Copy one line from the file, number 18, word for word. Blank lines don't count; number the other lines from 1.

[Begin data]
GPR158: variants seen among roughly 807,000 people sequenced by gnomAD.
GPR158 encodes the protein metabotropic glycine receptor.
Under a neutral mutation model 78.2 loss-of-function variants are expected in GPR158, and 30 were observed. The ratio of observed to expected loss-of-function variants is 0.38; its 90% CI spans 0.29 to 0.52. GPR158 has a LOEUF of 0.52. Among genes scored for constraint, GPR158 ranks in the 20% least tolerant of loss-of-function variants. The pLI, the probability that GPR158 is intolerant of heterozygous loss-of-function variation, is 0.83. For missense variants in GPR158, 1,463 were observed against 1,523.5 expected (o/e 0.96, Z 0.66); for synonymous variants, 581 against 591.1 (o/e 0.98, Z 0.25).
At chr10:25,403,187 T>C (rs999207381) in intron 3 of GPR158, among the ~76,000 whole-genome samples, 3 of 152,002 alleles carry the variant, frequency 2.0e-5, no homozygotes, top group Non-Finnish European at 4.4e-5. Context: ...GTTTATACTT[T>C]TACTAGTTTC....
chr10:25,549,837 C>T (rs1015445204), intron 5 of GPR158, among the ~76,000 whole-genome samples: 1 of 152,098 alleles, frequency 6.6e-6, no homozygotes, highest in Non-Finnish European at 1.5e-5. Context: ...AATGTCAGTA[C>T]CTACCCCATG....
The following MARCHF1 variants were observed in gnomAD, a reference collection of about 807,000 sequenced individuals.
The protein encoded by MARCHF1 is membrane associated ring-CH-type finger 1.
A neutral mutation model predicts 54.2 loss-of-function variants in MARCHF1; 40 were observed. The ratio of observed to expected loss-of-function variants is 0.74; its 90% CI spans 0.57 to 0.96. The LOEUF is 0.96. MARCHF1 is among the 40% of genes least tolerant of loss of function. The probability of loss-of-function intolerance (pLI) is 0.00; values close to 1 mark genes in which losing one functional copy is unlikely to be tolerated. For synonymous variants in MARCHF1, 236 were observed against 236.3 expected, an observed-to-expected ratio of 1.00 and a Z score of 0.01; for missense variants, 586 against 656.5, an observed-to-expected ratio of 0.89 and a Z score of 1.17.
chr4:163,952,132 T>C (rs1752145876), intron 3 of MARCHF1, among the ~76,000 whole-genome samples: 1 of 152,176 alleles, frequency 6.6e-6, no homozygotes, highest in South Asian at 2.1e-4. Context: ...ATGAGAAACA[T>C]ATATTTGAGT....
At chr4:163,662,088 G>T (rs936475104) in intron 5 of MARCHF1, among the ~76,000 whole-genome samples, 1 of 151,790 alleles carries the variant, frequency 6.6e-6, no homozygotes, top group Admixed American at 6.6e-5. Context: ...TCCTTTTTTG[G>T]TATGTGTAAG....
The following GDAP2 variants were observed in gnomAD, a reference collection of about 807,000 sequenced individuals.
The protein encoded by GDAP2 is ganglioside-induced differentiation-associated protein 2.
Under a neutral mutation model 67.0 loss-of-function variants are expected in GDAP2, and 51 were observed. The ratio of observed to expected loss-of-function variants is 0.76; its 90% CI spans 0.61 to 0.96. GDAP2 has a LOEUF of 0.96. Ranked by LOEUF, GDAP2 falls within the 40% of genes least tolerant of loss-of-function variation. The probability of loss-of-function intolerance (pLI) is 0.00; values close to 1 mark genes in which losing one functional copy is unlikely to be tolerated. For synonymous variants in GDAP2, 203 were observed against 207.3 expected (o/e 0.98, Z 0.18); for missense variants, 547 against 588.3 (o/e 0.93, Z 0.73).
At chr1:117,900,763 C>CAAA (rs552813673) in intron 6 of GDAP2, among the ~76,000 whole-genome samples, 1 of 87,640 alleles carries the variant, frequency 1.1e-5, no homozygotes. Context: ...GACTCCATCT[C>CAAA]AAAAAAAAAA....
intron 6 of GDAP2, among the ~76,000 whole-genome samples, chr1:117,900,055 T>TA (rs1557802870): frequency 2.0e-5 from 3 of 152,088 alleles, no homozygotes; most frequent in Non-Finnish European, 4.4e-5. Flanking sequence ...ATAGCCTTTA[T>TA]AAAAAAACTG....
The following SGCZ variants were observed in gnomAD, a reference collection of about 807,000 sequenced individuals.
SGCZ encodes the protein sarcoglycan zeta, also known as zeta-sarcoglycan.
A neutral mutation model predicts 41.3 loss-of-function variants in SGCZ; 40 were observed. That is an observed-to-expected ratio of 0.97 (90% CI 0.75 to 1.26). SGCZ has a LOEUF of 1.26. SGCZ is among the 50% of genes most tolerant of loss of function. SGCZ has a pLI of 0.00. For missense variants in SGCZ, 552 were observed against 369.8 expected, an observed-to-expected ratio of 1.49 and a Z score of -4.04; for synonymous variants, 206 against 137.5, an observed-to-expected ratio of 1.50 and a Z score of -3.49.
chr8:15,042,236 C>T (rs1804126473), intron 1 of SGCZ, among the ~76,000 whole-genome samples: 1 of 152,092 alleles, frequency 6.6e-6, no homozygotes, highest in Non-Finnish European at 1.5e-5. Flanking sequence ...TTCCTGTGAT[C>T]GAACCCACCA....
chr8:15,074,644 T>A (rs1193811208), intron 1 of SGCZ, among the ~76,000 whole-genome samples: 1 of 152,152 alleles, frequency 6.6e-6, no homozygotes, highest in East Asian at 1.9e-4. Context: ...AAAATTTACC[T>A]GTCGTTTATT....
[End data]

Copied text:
A neutral mutation model predicts 41.3 loss-of-function variants in SGCZ; 40 were observed. That is an observed-to-expected ratio of 0.97 (90% CI 0.75 to 1.26). SGCZ has a LOEUF of 1.26. SGCZ is among the 50% of genes most tolerant of loss of function. SGCZ has a pLI of 0.00. For missense variants in SGCZ, 552 were observed against 369.8 expected, an observed-to-expected ratio of 1.49 and a Z score of -4.04; for synonymous variants, 206 against 137.5, an observed-to-expected ratio of 1.50 and a Z score of -3.49.